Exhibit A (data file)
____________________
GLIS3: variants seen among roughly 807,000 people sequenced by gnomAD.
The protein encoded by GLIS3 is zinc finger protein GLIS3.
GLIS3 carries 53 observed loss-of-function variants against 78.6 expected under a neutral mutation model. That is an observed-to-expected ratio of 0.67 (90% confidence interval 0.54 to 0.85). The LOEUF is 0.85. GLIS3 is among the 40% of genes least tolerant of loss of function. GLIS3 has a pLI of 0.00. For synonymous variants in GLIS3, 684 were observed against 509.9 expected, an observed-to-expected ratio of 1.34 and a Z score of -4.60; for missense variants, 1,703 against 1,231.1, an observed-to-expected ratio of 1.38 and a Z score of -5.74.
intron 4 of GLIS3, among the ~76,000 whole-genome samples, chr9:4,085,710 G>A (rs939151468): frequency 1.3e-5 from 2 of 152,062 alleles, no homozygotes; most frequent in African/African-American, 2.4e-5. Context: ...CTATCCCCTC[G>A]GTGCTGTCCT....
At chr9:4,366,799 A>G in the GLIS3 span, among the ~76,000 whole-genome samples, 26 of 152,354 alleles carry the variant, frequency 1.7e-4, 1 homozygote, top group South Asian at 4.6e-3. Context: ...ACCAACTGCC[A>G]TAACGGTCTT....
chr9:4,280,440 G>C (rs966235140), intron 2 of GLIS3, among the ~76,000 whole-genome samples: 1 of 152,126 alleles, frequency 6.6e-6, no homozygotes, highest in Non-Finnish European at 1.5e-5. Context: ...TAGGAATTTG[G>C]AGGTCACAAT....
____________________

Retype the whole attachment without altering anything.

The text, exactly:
GLIS3: variants seen among roughly 807,000 people sequenced by gnomAD.
The protein encoded by GLIS3 is zinc finger protein GLIS3.
GLIS3 carries 53 observed loss-of-function variants against 78.6 expected under a neutral mutation model. That is an observed-to-expected ratio of 0.67 (90% confidence interval 0.54 to 0.85). The LOEUF is 0.85. GLIS3 is among the 40% of genes least tolerant of loss of function. GLIS3 has a pLI of 0.00. For synonymous variants in GLIS3, 684 were observed against 509.9 expected, an observed-to-expected ratio of 1.34 and a Z score of -4.60; for missense variants, 1,703 against 1,231.1, an observed-to-expected ratio of 1.38 and a Z score of -5.74.
intron 4 of GLIS3, among the ~76,000 whole-genome samples, chr9:4,085,710 G>A (rs939151468): frequency 1.3e-5 from 2 of 152,062 alleles, no homozygotes; most frequent in African/African-American, 2.4e-5. Context: ...CTATCCCCTC[G>A]GTGCTGTCCT....
At chr9:4,366,799 A>G in the GLIS3 span, among the ~76,000 whole-genome samples, 26 of 152,354 alleles carry the variant, frequency 1.7e-4, 1 homozygote, top group South Asian at 4.6e-3. Context: ...ACCAACTGCC[A>G]TAACGGTCTT....
chr9:4,280,440 G>C (rs966235140), intron 2 of GLIS3, among the ~76,000 whole-genome samples: 1 of 152,126 alleles, frequency 6.6e-6, no homozygotes, highest in Non-Finnish European at 1.5e-5. Context: ...TAGGAATTTG[G>C]AGGTCACAAT....